Then there is also the question of ‘time’ and its influence on perception: Many INGOs have had programmes in a country for many years, even decades. World Vision has been programming in Peru and Plan International in Nepal since 1978.  Even if they are formally ‘international’, are they still locally perceived as ‘outsiders’? Does their legal status now make them more ‘foreign’, comparatively speaking, than e.g. SCF Jordan which emerged out of the INGO country office only in 2012? Or take Caritas Bangladesh, which was founded as the eastern branch of Caritas Bangladesh already in 1967. Is it ‘national’ enough or not?

Perceptions of ‘foreignness’ are subjective. They can last long: In the late 90s José Bové led vigorous protests against McDonalds in France. It is now well established in France and popular among French nationals. But probably not many would call it a ‘French’ company. And it is still a competitor for eateries and restaurant chains whose ‘national identity’ cannot be contested.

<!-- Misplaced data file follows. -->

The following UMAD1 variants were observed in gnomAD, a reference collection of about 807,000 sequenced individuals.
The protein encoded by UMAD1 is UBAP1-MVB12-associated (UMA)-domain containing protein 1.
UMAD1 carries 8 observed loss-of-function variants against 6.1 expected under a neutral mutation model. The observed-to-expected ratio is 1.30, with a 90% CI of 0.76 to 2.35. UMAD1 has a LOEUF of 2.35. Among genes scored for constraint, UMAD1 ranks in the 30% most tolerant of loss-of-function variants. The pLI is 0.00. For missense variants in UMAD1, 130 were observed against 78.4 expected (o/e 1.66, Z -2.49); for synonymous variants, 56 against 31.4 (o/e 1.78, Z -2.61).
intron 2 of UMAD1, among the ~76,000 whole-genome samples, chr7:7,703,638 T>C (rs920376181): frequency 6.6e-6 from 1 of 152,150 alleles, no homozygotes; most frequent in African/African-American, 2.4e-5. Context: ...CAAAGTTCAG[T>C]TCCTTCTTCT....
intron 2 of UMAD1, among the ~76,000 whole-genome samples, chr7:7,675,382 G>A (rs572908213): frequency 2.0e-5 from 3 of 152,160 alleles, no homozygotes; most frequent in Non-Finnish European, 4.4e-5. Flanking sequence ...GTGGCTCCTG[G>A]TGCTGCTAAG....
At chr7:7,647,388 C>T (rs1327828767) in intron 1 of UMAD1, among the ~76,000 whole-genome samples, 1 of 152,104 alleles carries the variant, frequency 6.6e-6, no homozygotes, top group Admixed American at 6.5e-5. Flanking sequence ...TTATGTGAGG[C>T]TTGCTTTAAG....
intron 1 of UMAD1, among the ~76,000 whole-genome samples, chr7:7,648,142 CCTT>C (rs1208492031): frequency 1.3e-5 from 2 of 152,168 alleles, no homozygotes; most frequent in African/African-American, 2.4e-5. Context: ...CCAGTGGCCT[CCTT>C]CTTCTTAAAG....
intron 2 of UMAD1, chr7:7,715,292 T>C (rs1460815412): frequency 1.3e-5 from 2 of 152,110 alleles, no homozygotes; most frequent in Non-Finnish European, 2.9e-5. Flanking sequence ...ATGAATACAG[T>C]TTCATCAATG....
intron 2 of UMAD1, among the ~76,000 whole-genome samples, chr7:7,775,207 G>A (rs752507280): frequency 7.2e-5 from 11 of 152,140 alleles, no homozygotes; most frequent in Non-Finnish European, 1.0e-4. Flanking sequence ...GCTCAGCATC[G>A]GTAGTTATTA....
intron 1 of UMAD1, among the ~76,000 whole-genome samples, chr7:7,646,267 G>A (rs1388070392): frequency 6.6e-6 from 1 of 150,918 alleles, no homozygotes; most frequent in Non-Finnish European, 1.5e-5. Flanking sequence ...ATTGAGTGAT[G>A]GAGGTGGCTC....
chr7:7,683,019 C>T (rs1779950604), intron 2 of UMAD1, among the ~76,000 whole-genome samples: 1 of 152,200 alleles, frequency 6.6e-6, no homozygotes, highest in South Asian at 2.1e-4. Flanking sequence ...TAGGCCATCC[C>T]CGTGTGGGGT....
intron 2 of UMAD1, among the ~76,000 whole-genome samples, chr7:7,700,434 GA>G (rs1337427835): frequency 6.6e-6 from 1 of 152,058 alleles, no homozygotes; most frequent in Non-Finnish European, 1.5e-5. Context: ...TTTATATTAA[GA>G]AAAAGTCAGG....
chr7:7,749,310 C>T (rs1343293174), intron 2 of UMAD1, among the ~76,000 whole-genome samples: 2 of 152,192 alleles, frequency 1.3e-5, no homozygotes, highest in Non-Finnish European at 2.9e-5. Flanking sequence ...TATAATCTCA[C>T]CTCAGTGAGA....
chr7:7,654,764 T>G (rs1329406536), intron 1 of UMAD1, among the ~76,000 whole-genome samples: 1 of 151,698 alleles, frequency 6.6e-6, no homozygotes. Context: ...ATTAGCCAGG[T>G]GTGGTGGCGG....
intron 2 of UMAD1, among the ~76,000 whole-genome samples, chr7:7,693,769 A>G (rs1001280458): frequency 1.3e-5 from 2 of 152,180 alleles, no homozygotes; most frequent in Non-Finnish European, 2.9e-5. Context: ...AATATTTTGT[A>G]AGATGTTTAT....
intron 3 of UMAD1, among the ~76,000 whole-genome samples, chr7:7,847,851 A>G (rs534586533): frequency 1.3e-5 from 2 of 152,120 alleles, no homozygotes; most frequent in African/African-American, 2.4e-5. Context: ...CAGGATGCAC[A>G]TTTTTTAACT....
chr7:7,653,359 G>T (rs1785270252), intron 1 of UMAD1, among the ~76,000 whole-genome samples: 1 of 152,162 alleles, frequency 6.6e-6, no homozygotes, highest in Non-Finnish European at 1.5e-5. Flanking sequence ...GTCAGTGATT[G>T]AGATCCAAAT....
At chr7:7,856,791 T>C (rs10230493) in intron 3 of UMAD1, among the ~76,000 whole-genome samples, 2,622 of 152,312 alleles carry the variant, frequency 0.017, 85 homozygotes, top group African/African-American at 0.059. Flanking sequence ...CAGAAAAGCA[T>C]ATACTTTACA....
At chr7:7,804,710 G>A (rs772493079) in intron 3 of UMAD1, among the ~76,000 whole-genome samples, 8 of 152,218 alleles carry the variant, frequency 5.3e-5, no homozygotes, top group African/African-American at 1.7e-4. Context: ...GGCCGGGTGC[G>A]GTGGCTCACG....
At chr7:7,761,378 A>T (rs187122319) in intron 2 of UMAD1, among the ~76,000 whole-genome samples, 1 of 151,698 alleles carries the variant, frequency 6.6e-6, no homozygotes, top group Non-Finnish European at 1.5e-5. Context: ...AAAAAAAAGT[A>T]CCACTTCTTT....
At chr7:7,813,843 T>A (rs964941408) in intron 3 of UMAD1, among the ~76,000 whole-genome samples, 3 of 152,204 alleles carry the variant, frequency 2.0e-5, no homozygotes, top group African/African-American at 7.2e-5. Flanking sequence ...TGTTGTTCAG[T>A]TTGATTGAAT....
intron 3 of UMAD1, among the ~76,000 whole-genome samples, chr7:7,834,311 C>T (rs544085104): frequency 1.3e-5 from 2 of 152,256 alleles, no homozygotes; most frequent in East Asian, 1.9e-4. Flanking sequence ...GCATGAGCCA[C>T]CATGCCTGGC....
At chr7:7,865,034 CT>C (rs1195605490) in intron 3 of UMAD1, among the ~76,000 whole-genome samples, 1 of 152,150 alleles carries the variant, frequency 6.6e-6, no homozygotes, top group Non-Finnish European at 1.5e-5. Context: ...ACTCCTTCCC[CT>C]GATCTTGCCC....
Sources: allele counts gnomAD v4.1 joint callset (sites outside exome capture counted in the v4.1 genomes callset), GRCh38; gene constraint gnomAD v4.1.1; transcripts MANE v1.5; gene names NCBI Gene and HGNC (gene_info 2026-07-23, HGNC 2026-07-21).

Localisation and Bio-Diversity

There is a third possible interpretation of ‘localisation’. References are creeping into the discourse about the ‘eco-system’ of international humanitarian action. ‘Localisation’ then can also be seen as a strong plea for greater ‘bio-diversity’ within that system.

At the moment the funding and power are too concentrated in too few agency hands. More direct funding to nationally registered and staffed offices of international NGOs or to ‘affiliated national NGO’s might be strengthening capacities and leadership ‘in country’. But it doesn’t necessarily protect, and in its own way can undermine, national/local ‘bio-diversity’.